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Between The Lines: Ohio University’s bricks make for slippery slide to classes, should be cleared as soon as it snows

One Post staffer recalls when she bruised her tailbone last winter after a tumble on College Green’s icy bricks.

I could feel the ice split my hand. It was a futile attempt at stopping the inevitable — my flailing legs were useless. My other hand burned from the freshly brewed coffee now splashed across the snow on Ohio University’s College Green.

I wiped out, and it hurt.  

Athens law requires snow to be cleared from sidewalks “in the first four hours after daylight following or during a fall of snow.” What that translates to: You need to pull out a shovel, sand or scraper and get to work. I can confirm that some of my North Congress Street neighbors haven’t followed that this winter.

A local judge, however, ruled that OU does not have an obligation to remove snow or ice.

I was on my way to a morning class last Spring Semester, cutting across College Green to get to Gordy Hall. Not even three steps inside the Alumni Gateway, and I was down, falling victim to the icy bricks.

Immediately, surrounding students offered assistance while I unsuccessfully tried to get back on my feet. (Pro tip: Crawl to the snow. There’s much more traction.) I declined their help and called my sleeping boyfriend, hoping he could help me hobble back to our Court Street apartment.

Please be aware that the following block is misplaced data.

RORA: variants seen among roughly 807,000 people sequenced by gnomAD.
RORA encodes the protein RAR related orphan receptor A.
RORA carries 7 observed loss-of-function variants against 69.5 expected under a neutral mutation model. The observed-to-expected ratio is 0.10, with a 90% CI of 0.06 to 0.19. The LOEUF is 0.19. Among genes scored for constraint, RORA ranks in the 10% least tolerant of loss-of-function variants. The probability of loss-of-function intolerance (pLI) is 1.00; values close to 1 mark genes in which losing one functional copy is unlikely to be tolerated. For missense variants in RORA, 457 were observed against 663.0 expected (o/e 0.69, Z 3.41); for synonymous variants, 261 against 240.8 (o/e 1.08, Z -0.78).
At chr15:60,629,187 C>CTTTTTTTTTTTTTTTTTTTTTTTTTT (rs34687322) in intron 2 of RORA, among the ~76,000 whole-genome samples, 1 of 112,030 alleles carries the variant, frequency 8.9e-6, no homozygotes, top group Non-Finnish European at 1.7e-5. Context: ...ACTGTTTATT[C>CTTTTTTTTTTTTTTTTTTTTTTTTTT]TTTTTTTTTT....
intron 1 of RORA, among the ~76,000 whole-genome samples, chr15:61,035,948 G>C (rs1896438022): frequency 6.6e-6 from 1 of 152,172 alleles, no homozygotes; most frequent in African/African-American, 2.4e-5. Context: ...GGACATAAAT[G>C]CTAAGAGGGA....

My vision faded in and out while I slowly waddled across the bricks once again. When I made it to the bed, a quick collapse backward made it evident my tailbone bore the brunt of the fall.

Explaining the tumble to the nurse at O’Bleness Hospital was one of my more embarrassing moments, but bending over to have a nurse stick a needle full of pain medicine into my backend, yeah, that was the pinnacle of embarrassment.

After numerous X-rays, plenty of tears and a diagnosis of a bruised tailbone, I was back to campus with a newfound fear of Athens’ winter.

I’m a child of Massachusetts, meaning I am no stranger to tough winters. The difference, though, is that the Bay State seems to be prepared for the weather.

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Yes, Athens started the winter off with 2,000 tons of road salt. But for students sliding to class, that is not enough.

This winter, I have invested in better boots (thanks, Mom) and more time walking between classes. I have been tumble free in 2016, but the fear of a repeat of last winter’s fall is present every time I walk across OU’s campus.

Olivia Hitchcock is a senior studying journalism and copy chief of The Post. Have you had a similar slip in Athens? Email her at or tweet her @ohitchcock. 

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